I’ll be the first to admit it, I can be kinda geeky about fitness at times. No, not like compulsive about my diet or #nevermissingaworkout , but rather wanting to understand the science of training and the history. That is because a lot of the debating around what is right and wrong has a lot to do with context and knowing where ideas come from. Often times we get so caught up about defending our ideas about strength training that we fail to realize where the ideas originated and the intent behind them.
That is why when we offer different ideas about strength training they are often met with very opposing reactions. Some absolutely love the science and thoughtfulness we put behind our DVRT ideas (if you are reading this, hopefully that is you!), while others will put out some inventive name calling because it is quite evident they want nothing to do about re-thinking their strength training.
I’d love to tell you that my desire to think differently about strength training is because I am some amazing intellectual. I WISH that was the case, but the truth is that I HAD to about strength training differently. Since I was 14 I’ve had severe spine issues. When I was a teenager they were already discussing surgical options to my spine. Strength was the way I was able to put off surgery and do “normal” things, even being a competitive athlete at a decently high level.
Not sure if doing Strongman was the BEST thing for me, but even then I didn’t know the extent of my spine issues!
Yet, even from 14 to 24, things were getting bad in my body and I searched for strength to continue to be the answer. Let’s say that some things were really smart and others were really dumb of me! One thing I noticed is that I couldn’t train like everyone else and I had to find different solutions for my goals that wasn’t so obvious or a popular way to think.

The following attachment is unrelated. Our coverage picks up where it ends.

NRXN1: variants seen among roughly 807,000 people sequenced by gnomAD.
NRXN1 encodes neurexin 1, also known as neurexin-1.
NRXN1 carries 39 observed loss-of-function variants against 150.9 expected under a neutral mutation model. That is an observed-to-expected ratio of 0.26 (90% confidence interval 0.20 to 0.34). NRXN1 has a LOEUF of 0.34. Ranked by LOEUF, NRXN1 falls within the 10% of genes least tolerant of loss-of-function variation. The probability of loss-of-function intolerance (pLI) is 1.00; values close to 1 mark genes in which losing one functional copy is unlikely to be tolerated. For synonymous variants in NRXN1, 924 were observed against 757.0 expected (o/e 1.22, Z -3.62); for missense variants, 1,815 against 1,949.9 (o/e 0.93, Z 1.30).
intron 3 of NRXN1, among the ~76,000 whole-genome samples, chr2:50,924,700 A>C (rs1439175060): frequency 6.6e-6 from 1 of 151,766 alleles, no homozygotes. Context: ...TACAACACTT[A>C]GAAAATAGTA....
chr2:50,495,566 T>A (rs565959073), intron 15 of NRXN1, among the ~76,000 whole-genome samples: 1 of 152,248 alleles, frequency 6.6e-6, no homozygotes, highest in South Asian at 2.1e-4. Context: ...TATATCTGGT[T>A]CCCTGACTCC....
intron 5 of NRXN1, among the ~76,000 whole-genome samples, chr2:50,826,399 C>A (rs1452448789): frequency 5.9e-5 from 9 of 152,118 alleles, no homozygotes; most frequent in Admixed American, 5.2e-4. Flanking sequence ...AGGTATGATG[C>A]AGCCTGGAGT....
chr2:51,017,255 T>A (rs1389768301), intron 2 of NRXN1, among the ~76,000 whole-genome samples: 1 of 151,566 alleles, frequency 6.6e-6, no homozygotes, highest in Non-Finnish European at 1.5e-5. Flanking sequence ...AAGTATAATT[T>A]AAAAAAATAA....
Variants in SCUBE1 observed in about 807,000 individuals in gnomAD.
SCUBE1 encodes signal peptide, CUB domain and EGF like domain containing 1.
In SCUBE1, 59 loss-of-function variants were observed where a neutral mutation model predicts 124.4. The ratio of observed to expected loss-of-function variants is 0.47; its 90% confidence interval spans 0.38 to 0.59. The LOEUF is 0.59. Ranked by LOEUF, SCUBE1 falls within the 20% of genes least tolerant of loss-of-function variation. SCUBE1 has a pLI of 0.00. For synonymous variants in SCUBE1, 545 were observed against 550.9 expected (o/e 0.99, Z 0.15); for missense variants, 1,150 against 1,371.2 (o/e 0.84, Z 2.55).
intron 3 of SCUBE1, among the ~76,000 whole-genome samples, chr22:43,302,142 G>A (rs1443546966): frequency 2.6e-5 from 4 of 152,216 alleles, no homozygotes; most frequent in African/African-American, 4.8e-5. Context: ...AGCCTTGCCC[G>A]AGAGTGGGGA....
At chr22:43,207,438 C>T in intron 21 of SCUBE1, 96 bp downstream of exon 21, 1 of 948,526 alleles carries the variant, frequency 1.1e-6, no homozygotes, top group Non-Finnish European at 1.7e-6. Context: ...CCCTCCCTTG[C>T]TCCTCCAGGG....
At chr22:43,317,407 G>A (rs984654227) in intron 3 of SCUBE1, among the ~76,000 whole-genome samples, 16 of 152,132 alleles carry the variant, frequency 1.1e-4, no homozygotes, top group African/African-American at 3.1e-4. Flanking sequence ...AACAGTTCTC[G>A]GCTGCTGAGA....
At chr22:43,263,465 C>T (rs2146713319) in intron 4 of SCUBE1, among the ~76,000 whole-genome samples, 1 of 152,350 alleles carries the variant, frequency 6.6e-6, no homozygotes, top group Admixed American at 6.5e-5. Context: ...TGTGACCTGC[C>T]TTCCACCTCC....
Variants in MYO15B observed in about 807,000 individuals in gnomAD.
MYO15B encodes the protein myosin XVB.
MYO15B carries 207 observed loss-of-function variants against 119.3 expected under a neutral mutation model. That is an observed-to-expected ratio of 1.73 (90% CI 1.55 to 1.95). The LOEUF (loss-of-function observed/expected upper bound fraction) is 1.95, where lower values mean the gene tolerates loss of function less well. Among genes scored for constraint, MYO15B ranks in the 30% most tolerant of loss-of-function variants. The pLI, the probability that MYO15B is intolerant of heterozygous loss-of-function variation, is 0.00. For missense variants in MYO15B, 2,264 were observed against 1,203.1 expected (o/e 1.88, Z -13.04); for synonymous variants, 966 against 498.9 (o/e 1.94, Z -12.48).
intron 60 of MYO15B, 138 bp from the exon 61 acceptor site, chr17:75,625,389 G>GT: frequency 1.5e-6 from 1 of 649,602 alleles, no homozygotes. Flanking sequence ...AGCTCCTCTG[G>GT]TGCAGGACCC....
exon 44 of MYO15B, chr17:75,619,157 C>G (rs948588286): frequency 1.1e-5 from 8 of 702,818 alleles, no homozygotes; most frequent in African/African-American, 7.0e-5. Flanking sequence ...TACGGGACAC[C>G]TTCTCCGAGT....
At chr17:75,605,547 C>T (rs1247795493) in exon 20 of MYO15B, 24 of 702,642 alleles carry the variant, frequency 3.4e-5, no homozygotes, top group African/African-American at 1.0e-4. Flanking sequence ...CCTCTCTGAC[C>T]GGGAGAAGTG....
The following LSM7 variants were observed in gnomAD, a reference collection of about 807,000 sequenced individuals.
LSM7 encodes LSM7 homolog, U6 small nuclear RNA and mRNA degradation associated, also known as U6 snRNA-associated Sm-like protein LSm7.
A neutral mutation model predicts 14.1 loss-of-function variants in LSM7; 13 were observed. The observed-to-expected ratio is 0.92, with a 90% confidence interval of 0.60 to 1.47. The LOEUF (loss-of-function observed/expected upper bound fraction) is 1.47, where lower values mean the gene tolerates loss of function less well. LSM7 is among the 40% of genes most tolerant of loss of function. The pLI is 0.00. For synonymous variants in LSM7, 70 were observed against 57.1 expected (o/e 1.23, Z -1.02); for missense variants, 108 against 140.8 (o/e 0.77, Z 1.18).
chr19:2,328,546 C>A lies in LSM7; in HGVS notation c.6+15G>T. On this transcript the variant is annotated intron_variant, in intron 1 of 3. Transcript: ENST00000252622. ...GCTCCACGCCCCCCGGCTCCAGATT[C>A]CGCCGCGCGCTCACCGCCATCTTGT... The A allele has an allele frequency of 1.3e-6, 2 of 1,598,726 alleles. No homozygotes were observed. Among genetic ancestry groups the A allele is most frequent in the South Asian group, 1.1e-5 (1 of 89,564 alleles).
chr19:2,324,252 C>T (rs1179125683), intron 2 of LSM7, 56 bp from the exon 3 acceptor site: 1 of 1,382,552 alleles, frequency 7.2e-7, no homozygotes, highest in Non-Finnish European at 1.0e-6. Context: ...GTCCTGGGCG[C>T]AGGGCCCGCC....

That is what made me dive into what HAS been done because why re-invent the wheel? I especially fell in love what old time strongman athletes. These were performers of the late 1800’s and early 1900’s. Why? They had the balance of strength that I think many of us would love to possess. There was the control of gymnastics types of movements along with the weight training strength that would impress many of today’s gyms. The challenge was to think about how to connect the dots because it wasn’t like there was a uniformed system of training then either.
The result is what you see with DVRT and even after 15 years we are still evolving, largely because I get to interact with so many fantastic coaches. One that has been a big supporter from the beginning is Alwyn Cosgrove. Especially this past year, Alwyn and I have texted quite a bit thinking, debating, and brain storming what “strength” really means. Part of this discussion is definitely due to Alwyn’s great work in Obstacle Course Racing (OCR) where Alwyn even consults with the Olympic program.